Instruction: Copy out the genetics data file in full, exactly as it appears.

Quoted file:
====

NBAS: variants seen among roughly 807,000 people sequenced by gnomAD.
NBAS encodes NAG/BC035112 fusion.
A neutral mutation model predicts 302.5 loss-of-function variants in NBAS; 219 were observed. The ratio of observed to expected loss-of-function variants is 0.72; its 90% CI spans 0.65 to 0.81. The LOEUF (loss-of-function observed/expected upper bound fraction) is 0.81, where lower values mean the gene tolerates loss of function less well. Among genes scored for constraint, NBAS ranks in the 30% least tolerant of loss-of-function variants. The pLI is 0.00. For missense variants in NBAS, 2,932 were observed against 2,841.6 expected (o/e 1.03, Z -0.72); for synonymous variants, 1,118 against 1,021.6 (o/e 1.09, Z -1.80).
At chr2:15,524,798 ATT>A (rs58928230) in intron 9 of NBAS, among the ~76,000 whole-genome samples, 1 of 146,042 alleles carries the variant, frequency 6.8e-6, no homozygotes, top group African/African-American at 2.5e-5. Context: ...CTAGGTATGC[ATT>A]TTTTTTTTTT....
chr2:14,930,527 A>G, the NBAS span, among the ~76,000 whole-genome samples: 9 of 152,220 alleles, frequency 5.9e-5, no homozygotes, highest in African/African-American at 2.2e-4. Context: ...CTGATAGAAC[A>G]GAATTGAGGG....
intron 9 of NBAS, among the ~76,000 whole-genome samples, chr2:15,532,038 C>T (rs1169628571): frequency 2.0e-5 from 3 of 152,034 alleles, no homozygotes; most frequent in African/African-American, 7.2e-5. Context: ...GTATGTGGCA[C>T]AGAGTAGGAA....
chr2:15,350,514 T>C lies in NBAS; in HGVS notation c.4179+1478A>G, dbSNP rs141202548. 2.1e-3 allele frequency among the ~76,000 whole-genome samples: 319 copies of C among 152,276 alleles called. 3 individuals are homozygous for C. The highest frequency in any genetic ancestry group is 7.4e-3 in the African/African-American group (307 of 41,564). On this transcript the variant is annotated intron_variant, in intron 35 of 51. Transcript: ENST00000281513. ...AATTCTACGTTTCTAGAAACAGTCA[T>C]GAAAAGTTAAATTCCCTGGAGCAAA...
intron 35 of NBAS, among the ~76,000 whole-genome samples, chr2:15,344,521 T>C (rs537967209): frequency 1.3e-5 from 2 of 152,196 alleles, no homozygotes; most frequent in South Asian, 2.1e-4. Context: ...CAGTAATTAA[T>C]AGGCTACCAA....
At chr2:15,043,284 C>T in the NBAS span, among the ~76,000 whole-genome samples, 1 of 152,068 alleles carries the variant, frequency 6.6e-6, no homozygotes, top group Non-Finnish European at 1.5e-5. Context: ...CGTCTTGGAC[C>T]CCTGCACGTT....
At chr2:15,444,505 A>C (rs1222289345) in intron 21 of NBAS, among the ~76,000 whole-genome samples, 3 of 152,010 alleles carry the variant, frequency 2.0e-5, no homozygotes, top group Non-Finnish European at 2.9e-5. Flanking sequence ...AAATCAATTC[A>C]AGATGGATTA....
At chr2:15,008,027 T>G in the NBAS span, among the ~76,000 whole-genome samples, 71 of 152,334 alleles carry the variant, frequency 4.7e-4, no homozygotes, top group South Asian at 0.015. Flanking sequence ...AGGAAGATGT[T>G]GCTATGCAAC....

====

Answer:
NBAS: variants seen among roughly 807,000 people sequenced by gnomAD.
NBAS encodes NAG/BC035112 fusion.
A neutral mutation model predicts 302.5 loss-of-function variants in NBAS; 219 were observed. The ratio of observed to expected loss-of-function variants is 0.72; its 90% CI spans 0.65 to 0.81. The LOEUF (loss-of-function observed/expected upper bound fraction) is 0.81, where lower values mean the gene tolerates loss of function less well. Among genes scored for constraint, NBAS ranks in the 30% least tolerant of loss-of-function variants. The pLI is 0.00. For missense variants in NBAS, 2,932 were observed against 2,841.6 expected (o/e 1.03, Z -0.72); for synonymous variants, 1,118 against 1,021.6 (o/e 1.09, Z -1.80).
At chr2:15,524,798 ATT>A (rs58928230) in intron 9 of NBAS, among the ~76,000 whole-genome samples, 1 of 146,042 alleles carries the variant, frequency 6.8e-6, no homozygotes, top group African/African-American at 2.5e-5. Context: ...CTAGGTATGC[ATT>A]TTTTTTTTTT....
chr2:14,930,527 A>G, the NBAS span, among the ~76,000 whole-genome samples: 9 of 152,220 alleles, frequency 5.9e-5, no homozygotes, highest in African/African-American at 2.2e-4. Context: ...CTGATAGAAC[A>G]GAATTGAGGG....
intron 9 of NBAS, among the ~76,000 whole-genome samples, chr2:15,532,038 C>T (rs1169628571): frequency 2.0e-5 from 3 of 152,034 alleles, no homozygotes; most frequent in African/African-American, 7.2e-5. Context: ...GTATGTGGCA[C>T]AGAGTAGGAA....
chr2:15,350,514 T>C lies in NBAS; in HGVS notation c.4179+1478A>G, dbSNP rs141202548. 2.1e-3 allele frequency among the ~76,000 whole-genome samples: 319 copies of C among 152,276 alleles called. 3 individuals are homozygous for C. The highest frequency in any genetic ancestry group is 7.4e-3 in the African/African-American group (307 of 41,564). On this transcript the variant is annotated intron_variant, in intron 35 of 51. Transcript: ENST00000281513. ...AATTCTACGTTTCTAGAAACAGTCA[T>C]GAAAAGTTAAATTCCCTGGAGCAAA...
intron 35 of NBAS, among the ~76,000 whole-genome samples, chr2:15,344,521 T>C (rs537967209): frequency 1.3e-5 from 2 of 152,196 alleles, no homozygotes; most frequent in South Asian, 2.1e-4. Context: ...CAGTAATTAA[T>C]AGGCTACCAA....
At chr2:15,043,284 C>T in the NBAS span, among the ~76,000 whole-genome samples, 1 of 152,068 alleles carries the variant, frequency 6.6e-6, no homozygotes, top group Non-Finnish European at 1.5e-5. Context: ...CGTCTTGGAC[C>T]CCTGCACGTT....
At chr2:15,444,505 A>C (rs1222289345) in intron 21 of NBAS, among the ~76,000 whole-genome samples, 3 of 152,010 alleles carry the variant, frequency 2.0e-5, no homozygotes, top group Non-Finnish European at 2.9e-5. Flanking sequence ...AAATCAATTC[A>C]AGATGGATTA....
At chr2:15,008,027 T>G in the NBAS span, among the ~76,000 whole-genome samples, 71 of 152,334 alleles carry the variant, frequency 4.7e-4, no homozygotes, top group South Asian at 0.015. Flanking sequence ...AGGAAGATGT[T>G]GCTATGCAAC....